S4 Fig. Oseltamivir treatment ameliorates the effect of influenza infection on ferret activity with a higher virus inoculum of 105 TCID50.

(A—C) Mean activity, (D—F) total distance covered and (G—I) mean velocity of non-infected ferrets (n = 3), untreated ferrets (n = 4) and oseltamivir (OST)-treated ferrets (n = 4). Untreated and OST-treated ferrets were both intranasally-infected with 105 TCID50 (500 μL; 250 μL per nostril) A(H1N1)pdm09. Only OST-treated ferrets were given sugar solution. Data shown are mean±SEM. Dotted line is the baseline average of the daily activity level prior to infection on day 0. Mean activity versus baseline average: *P<0.05, **P<0.01, ***P<0.001, Mann-Whitney U test.


S1 Video. Representative video-tracking analysis of the activity of a non-infected ferret.

Purple pixels represent movement of ferret in the activity box.


S2 Video. Representative video-tracking analysis of the distance and velocity of a non-infected ferret.

Red dot represent the centre point of the animal located automatically by the program and the red line represent the moving tracks of the ferret.



We thank Chantal Baas, Lauren Redman, Nikki Hearne, Rachael Murphy, Crispin Agpasa and Miranda Spiteri at Animal Services bioCSL for providing assistance in animal handling. Oseltamivir phosphate was kindly provided free of charge by Hoffmann-La Roche Ltd, Switzerland to the WHO Collaborating Centre for Reference and Research on Influenza, Melbourne.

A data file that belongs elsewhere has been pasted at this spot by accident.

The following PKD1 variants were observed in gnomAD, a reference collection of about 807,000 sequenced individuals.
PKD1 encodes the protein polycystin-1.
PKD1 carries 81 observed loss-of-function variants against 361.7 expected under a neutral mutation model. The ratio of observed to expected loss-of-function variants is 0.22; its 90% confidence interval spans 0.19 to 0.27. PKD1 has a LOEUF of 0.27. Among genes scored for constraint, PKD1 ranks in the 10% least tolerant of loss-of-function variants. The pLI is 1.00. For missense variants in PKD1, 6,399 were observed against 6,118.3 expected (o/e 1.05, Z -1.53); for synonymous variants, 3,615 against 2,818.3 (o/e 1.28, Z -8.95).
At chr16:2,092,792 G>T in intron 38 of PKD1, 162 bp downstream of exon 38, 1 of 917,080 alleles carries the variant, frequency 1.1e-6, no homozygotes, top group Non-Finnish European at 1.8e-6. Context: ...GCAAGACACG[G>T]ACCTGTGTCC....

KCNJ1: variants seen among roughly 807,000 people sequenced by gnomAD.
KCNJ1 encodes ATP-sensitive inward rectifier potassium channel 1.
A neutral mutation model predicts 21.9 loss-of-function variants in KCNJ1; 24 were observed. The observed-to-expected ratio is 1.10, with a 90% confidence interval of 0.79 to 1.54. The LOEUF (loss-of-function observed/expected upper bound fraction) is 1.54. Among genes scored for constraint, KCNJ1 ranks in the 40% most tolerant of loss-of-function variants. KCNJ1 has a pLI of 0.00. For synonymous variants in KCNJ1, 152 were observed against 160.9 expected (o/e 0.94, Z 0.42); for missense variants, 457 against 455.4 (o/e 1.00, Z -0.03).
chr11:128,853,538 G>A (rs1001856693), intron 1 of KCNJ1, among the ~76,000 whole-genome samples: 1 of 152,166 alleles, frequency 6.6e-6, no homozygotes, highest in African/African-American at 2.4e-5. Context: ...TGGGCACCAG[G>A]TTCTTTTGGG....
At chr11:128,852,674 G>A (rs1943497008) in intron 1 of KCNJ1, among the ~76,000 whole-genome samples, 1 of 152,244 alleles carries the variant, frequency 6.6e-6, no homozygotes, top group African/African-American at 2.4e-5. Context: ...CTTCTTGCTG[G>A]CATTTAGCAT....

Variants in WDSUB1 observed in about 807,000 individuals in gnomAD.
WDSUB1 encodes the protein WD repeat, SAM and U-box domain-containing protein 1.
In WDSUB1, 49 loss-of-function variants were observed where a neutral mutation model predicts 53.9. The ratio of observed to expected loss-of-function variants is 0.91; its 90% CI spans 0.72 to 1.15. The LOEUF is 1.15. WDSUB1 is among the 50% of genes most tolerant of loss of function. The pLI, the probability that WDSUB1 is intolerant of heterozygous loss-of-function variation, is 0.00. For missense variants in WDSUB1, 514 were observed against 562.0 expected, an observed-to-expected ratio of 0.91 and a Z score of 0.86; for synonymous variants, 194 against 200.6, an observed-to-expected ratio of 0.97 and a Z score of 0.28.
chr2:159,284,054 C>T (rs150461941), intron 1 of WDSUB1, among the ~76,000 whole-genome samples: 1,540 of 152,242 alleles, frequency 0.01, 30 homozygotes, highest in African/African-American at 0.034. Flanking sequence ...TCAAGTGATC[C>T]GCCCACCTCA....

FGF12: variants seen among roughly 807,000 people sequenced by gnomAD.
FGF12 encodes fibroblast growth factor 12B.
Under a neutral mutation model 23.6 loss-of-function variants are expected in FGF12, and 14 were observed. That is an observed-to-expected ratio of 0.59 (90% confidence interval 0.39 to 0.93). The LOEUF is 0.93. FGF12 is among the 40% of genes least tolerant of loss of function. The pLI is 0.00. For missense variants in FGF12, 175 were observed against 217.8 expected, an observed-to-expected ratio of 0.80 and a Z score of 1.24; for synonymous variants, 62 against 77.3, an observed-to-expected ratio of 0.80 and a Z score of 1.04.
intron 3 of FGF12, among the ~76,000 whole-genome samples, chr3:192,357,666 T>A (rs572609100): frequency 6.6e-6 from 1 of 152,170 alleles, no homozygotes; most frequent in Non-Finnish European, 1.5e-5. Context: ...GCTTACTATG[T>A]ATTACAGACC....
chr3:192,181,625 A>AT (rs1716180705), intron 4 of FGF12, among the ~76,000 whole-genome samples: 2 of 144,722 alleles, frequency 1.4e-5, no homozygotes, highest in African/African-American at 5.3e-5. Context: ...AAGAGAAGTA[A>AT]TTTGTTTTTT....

Author Contributions

Conceived and designed the experiments: DYO ACH. Performed the experiments: DYO. Analyzed the data: DYO. Wrote the paper: DYO IGB ACH.


  1. 1. Cox N, Subbarao K. Influenza. Lancet. 1999;354:1277–82. pmid:10520648
  2. 2. WHO/GIP. Cumulative number of confirmed human cases for avian influenza A(H5N1) reported to WHO, 2003–2014. 2014.
  3. 3. WHO/HQ. Map and epidemiological curve of confirmed human cases of avian influenza A(H7N9). Periodical reports. 2014;18.
  4. 4. Maines TR, Jayaraman A, Belser JA, Wadford DA, Pappas C, Zeng H, et al. Transmission and pathogenesis of swine-origin 2009 A(H1N1) influenza viruses in ferrets and mice. Science (New York, NY). 2009;325(5939):484–7. pmid:19574347
  5. 5. Wong SS, Jeevan T, Kercher L, Yoon SW, Petkova AM, Crumpton JC, et al. A single dose of whole inactivated H7N9 influenza vaccine confers protection from severe disease but not infection in ferrets. Vaccine. 2014;32(35):4571–7. pmid:24950355
  6. 6. Govorkova EA, Marathe BM, Prevost A, Rehg JE, Webster RG. Assessment of the efficacy of the neuraminidase inhibitor oseltamivir against 2009 pandemic H1N1 influenza virus in ferrets. Antiviral research. 2011;91(2):81–8. pmid:21635924
  7. 7. Oh DY, Lowther S, McCaw JM, Sullivan SG, Leang SK, Haining J, et al. Evaluation of oseltamivir prophylaxis regimens for reducing influenza virus infection, transmission and disease severity in a ferret model of household contact. The Journal of antimicrobial chemotherapy. 2014;69(9):2458–69. pmid:24840623
  8. 8. Boltz DA, Rehg JE, McClaren J, Webster RG, Govorkova EA. Oseltamivir prophylactic regimens prevent H5N1 influenza morbidity and mortality in a ferret model. The Journal of infectious diseases. 2008;197(9):1315–23. pmid:18422444
  9. 9. Kim HM, Kang YM, Ku KB, Park EH, Yum J, Kim JC, et al. The severe pathogenicity of alveolar macrophage-depleted ferrets infected with 2009 pandemic H1N1 influenza virus. Virology. 2013;444(1–2):394–403.
  10. 10. Itoh Y, Shinya K, Kiso M, Watanabe T, Sakoda Y, Hatta M, et al. In vitro and in vivo characterization of new swine-origin H1N1 influenza viruses. Nature. 2009;460(7258):1021–5. pmid:19672242